How to do an annual financial checkup
By Aaron Crowe
The start of a new year is a chance to start with a clean slate and plan for a better year ahead. If your finances didn't fare so well in the previous year, it can be a time to rethink your approach and give yourself a financial checkup to ensure you're on the right path.
An annual financial checkup doesn't require hiring a financial adviser or an investment broker to go over your documents. It can be done at home with a few hours of planning. Here are some things to go over:
Start by checking how your financial goals from the previous year were met, and how you should modify them in the coming year. Do you have enough money saved in an emergency fund to pay for six months to a year's expenses if you lose your job? Are you regularly contributing to a retirement account, putting money in a high-yield savings account, and regularly funding other expenses you'll have over the year such as vacations, property taxes and insurance?
If you've just had a child, are you saving for his or her college education? What other life events have changed that will change your goals for the year? If you've gotten divorced, married, changed jobs, moved or are retiring, your financial goals for the year may change dramatically. You may spend more or less money, or earn more or less money, than you did last year.
Protect yourself and your assets by evaluating if you have enough insurance. Did you buy a new car or home? Did you add a room on to your home? Will your teenager start driving this year? Do you have long-term disability insurance in case you get injured and can't work? It's also a good time to review your will and update it if you have any changes to make.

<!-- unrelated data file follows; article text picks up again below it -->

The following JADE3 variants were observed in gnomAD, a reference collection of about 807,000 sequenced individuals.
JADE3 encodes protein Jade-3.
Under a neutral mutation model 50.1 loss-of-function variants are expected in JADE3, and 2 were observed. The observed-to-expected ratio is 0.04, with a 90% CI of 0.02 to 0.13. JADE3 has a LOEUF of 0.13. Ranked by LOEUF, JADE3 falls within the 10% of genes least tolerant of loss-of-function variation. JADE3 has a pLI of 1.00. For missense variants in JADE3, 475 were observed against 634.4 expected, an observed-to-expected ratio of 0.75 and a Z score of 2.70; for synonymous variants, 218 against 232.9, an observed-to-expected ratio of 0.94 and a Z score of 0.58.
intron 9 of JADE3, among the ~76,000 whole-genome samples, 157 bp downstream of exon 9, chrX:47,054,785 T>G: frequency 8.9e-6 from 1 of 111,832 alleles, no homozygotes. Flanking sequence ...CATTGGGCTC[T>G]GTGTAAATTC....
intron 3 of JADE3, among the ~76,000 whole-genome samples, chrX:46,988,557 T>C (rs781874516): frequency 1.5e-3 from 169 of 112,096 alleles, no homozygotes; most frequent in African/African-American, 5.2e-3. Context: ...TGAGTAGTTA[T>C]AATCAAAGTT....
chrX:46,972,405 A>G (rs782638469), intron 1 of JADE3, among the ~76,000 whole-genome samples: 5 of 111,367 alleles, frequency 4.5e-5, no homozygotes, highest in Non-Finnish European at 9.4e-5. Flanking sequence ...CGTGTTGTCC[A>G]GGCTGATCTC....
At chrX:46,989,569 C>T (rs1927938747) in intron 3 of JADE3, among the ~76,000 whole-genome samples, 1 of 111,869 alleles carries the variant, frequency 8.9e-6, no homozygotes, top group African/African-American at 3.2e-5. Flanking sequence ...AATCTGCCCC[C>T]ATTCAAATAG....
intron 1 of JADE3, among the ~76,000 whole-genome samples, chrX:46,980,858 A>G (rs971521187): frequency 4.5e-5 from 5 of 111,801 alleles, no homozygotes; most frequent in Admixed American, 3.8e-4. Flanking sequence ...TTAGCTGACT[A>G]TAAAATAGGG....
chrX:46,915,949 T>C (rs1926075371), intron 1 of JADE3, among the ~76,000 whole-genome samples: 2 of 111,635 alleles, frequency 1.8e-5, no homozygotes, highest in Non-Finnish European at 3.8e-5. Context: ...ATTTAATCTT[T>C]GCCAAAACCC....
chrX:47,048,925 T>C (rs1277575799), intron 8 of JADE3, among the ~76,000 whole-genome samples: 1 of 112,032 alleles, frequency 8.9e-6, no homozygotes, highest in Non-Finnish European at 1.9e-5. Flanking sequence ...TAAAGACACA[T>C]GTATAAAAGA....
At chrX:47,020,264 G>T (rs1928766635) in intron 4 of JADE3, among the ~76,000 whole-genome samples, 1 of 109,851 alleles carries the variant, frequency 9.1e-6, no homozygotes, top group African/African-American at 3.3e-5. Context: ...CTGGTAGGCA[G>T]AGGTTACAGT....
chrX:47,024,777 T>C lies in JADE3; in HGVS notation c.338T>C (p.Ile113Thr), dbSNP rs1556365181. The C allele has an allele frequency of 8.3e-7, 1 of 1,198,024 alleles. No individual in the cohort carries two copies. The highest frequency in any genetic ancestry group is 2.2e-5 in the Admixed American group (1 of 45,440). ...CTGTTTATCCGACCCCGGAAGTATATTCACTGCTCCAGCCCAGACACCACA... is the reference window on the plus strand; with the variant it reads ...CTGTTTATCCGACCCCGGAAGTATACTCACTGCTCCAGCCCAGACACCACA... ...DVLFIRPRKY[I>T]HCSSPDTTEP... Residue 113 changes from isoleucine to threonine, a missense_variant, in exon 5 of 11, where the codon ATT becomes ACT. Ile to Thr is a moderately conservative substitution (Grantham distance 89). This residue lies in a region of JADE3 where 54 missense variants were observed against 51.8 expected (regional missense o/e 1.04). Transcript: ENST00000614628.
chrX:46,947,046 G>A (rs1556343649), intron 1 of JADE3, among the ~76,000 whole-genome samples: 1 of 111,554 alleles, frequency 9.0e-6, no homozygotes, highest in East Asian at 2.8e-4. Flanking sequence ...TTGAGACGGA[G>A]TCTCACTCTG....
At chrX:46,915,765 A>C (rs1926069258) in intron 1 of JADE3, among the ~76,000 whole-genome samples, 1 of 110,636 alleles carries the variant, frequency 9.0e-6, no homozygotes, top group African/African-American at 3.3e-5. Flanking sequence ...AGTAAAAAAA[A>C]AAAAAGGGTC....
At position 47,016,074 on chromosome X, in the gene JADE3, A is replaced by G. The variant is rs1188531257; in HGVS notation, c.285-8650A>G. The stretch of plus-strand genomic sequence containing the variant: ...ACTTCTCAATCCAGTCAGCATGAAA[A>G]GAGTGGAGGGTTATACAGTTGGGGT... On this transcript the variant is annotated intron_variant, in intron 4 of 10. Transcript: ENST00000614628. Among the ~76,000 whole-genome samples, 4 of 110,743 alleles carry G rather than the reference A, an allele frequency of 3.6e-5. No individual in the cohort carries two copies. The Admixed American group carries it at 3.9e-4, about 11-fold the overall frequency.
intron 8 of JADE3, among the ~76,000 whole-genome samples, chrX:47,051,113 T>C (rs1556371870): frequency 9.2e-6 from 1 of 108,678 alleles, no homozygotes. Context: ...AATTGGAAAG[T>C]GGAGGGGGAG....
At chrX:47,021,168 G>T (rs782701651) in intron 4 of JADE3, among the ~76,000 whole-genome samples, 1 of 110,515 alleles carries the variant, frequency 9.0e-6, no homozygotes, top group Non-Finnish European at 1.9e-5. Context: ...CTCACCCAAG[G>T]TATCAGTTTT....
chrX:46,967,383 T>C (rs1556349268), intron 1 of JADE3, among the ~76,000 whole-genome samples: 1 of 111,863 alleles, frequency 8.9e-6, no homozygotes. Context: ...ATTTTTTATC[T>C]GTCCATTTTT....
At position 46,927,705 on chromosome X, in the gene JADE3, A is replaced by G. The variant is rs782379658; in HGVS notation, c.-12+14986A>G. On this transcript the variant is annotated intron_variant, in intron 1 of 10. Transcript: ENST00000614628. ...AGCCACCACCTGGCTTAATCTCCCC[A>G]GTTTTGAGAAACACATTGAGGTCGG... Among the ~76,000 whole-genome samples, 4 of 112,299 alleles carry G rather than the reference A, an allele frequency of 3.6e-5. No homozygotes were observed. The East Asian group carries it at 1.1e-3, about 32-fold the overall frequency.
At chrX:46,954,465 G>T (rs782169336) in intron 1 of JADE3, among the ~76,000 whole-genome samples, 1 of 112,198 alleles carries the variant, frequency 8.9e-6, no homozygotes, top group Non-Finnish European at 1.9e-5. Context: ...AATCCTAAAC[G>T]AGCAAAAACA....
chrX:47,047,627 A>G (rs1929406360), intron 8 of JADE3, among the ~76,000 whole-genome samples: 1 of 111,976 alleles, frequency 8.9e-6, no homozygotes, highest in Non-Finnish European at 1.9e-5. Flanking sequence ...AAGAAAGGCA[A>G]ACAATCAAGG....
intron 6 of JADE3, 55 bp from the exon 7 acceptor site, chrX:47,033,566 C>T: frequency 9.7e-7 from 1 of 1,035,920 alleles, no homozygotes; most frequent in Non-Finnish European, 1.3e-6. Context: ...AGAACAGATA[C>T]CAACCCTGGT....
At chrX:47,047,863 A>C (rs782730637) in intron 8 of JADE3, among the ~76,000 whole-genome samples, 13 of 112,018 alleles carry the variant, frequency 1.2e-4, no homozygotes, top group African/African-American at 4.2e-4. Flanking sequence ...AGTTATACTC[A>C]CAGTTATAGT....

Getting rid of debts can be like giving yourself a raise. You'll have that much more money to invest, save or spend by paying off credit card debts. Do you have a plan to pay off credit cards with money on them? A zero percent balance transfer is one way to save on credit card debt, but make sure you can pay off the new balance before the zero interest offer ends.
It's also a good idea to get a free copy of your credit report and make sure all of the information on it is accurate. Also check your home mortgage loan interest rate and see if you can get a better deal.
Whether or not you have an investment broker to show you how to rebalance your portfolio, most investment advisers will tell you that your investments should be rebalanced each year to ensure you have a good mix of stocks, bonds and other investments. You also don't want to be too heavily invested in one area, so be sure to diversify. Check that your investment strategy matches your risk tolerance and meets your time horizon for when you'll need the money.
Making the maximum contribution to your 401(k) or other retirement account is a smart way to reduce your taxes and make sure you're financially ready for the future. If you're employer doesn't have a retirement plan, or your self-employed, open an IRA account yourself and contribute as much as you can to it.
If you didn't look at ways to reduce your income taxes before the end of last year, now is a good time to get a headstart on finding deductions for this year's taxes. If you itemize deductions, check out last year's tax return to make sure you'll have the same deductions this year.
Go over all of the household bills you get each month: power, water, mortgage, TV, phone, maintenance, gas, clothing, etc., and see if there are any areas where you can cut from or expect to increase in the new year. Are you spending within your budget?
After doing all of this, the last thing you may want to do is get a physical checkup from your doctor. There's no point in getting a financial checkup if you're not going to be around to enjoy it.
Aaron Crowe is a freelance journalist in the San Francisco Bay Area who specializes in personal finance topics.